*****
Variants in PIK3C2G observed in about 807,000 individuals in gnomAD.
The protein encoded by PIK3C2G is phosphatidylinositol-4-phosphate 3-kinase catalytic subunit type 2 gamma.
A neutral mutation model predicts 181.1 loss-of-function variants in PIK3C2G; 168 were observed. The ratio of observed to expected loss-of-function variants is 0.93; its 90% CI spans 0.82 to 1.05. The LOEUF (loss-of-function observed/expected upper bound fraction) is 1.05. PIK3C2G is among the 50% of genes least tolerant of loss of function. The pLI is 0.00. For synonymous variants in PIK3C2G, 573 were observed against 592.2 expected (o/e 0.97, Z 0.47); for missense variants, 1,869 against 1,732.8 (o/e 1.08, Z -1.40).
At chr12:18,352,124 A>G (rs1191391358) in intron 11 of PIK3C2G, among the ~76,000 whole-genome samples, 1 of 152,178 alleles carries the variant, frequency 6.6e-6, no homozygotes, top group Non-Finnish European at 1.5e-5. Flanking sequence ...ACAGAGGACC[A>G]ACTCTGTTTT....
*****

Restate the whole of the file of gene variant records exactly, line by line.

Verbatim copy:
Variants in PIK3C2G observed in about 807,000 individuals in gnomAD.
The protein encoded by PIK3C2G is phosphatidylinositol-4-phosphate 3-kinase catalytic subunit type 2 gamma.
A neutral mutation model predicts 181.1 loss-of-function variants in PIK3C2G; 168 were observed. The ratio of observed to expected loss-of-function variants is 0.93; its 90% CI spans 0.82 to 1.05. The LOEUF (loss-of-function observed/expected upper bound fraction) is 1.05. PIK3C2G is among the 50% of genes least tolerant of loss of function. The pLI is 0.00. For synonymous variants in PIK3C2G, 573 were observed against 592.2 expected (o/e 0.97, Z 0.47); for missense variants, 1,869 against 1,732.8 (o/e 1.08, Z -1.40).
At chr12:18,352,124 A>G (rs1191391358) in intron 11 of PIK3C2G, among the ~76,000 whole-genome samples, 1 of 152,178 alleles carries the variant, frequency 6.6e-6, no homozygotes, top group Non-Finnish European at 1.5e-5. Flanking sequence ...ACAGAGGACC[A>G]ACTCTGTTTT....